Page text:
After two earthquakes devastated Nepal this spring, Dunnbahabur, a mason, could only look at the ruins of Bhumlichowk, his village in the Himalayan foothills, and wonder, “Why did every house crumble?”
All 20 homes in his neighborhood were destroyed. Hundreds of families throughout the village were affected. And because Bhumlichowk is so remote, Dunnbahabur, his wife, and four children had to wait over a week for disaster aid to arrive. Fortunately, Federation partner the American Jewish Joint Distribution Committee (JDC) was tirelessly working to reach them.
Partnering with local agencies on the ground, JDC brought 500 tarps to protect Bhumlichowk’s newly homeless from both sun and heavy monsoon rains. They also delivered lifesaving essentials like 1,000 kilos of rice and other food supplies, and 500 hygiene kits.
Transporting supplies through the mountains is grueling work. According to Sam Amiel, a senior member of JDC’s Nepal response team, “Some locations are so remote we’ve had to manually carry goods over narrow suspended bridges straddling deep gorges.”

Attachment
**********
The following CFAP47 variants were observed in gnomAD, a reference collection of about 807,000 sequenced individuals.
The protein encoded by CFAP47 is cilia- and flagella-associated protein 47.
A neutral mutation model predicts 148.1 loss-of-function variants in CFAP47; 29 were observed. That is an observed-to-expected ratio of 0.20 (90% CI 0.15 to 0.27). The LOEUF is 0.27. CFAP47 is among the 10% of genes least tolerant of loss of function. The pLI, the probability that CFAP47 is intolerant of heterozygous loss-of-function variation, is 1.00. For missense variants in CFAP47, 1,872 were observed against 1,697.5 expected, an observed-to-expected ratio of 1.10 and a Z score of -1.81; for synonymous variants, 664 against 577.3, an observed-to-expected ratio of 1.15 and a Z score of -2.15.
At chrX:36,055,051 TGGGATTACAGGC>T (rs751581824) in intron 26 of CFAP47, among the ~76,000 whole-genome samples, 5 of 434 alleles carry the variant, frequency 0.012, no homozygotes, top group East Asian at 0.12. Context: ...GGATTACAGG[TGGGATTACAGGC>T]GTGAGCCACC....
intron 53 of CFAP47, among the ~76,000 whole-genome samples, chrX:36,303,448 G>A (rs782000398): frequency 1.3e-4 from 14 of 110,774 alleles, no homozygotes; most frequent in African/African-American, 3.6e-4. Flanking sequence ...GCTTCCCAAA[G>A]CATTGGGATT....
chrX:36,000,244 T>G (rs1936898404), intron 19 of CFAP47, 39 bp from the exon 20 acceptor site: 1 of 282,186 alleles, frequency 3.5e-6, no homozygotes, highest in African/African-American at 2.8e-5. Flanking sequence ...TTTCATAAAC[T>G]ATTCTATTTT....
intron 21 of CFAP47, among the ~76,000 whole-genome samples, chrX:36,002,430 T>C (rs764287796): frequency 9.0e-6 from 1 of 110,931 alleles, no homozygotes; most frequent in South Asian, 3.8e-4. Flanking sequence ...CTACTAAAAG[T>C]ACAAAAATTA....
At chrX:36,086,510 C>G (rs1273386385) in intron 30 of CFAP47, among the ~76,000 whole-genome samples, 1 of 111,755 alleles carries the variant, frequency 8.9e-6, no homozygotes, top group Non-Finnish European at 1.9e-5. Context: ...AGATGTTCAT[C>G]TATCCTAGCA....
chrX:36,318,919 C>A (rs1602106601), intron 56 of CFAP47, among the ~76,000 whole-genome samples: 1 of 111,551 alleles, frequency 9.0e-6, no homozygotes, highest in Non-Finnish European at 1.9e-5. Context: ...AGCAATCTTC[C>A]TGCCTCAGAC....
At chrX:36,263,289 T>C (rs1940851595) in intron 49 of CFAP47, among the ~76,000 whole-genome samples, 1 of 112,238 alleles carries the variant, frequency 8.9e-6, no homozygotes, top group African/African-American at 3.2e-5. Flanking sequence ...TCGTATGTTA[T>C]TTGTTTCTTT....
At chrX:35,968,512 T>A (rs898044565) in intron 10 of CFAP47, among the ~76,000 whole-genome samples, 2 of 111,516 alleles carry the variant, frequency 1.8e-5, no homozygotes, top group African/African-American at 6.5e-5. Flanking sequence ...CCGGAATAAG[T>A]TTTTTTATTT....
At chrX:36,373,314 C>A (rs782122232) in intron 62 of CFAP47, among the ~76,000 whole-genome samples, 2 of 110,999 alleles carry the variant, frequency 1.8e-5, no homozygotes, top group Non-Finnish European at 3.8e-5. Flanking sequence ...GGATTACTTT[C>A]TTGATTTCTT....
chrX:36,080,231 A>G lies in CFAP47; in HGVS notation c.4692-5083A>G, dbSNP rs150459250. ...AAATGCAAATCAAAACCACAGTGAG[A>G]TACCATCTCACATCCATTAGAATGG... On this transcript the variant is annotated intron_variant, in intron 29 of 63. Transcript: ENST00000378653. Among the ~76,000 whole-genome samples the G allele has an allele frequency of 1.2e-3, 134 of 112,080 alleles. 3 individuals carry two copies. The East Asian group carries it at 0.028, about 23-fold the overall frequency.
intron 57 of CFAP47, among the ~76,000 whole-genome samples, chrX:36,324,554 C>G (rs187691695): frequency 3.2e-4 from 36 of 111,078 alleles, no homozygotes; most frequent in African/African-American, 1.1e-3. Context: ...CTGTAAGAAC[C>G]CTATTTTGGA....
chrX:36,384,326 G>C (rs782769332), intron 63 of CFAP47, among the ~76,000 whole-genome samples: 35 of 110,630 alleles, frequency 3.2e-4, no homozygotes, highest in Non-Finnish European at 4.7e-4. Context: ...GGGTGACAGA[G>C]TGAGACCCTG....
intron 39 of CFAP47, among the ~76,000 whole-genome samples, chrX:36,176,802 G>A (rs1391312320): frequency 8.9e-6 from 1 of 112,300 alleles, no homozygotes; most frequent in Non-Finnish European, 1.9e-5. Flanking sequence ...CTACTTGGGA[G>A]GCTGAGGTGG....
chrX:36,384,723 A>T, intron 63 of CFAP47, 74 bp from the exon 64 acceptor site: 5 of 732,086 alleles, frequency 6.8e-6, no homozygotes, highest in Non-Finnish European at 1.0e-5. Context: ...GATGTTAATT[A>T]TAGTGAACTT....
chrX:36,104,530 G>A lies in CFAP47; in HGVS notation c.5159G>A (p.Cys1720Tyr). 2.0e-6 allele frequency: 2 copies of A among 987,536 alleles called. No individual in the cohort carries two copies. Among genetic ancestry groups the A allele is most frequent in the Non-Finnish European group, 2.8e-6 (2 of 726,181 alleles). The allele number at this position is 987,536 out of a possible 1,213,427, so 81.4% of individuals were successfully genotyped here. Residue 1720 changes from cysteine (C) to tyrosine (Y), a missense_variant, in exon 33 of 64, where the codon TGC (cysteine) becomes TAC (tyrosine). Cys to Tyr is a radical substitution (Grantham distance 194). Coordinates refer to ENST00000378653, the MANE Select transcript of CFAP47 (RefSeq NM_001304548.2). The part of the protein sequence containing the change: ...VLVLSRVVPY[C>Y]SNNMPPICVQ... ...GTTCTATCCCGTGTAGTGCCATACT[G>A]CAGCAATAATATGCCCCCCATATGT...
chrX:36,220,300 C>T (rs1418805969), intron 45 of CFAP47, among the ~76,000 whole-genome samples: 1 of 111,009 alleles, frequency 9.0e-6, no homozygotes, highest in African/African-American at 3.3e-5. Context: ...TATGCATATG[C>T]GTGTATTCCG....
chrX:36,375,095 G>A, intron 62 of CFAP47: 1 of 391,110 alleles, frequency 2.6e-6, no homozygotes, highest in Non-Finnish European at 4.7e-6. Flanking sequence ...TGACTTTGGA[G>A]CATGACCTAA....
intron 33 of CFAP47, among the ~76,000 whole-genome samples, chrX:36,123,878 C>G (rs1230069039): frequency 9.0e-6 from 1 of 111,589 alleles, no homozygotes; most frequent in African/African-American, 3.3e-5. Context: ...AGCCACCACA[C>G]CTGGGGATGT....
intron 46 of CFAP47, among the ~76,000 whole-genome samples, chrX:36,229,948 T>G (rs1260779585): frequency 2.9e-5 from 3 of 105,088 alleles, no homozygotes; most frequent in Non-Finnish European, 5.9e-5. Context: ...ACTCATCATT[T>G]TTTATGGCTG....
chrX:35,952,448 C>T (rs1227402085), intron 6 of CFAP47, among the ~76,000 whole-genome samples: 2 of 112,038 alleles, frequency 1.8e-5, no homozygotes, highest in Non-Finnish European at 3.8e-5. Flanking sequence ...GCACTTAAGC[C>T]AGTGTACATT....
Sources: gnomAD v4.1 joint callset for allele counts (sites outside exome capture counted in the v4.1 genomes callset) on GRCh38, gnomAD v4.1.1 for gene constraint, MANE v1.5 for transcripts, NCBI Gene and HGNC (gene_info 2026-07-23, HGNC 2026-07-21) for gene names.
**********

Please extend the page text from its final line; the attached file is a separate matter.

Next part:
But he believes there is no doubt that it is worth the effort. “Delivering badly needed goods to survivors of the quake is not just critical to their survival; it’s a mitzvah, a good deed,” Sam says.
The future remains uncertain for Dunnbahabur, his family, and the rest of his tiny village. Full recovery will come slowly. It’ll take months—years, even.
But they have enough for right now. And JDC is committed to providing long-term aid to ensure that they, and the rest of Nepal, can get back on their feet.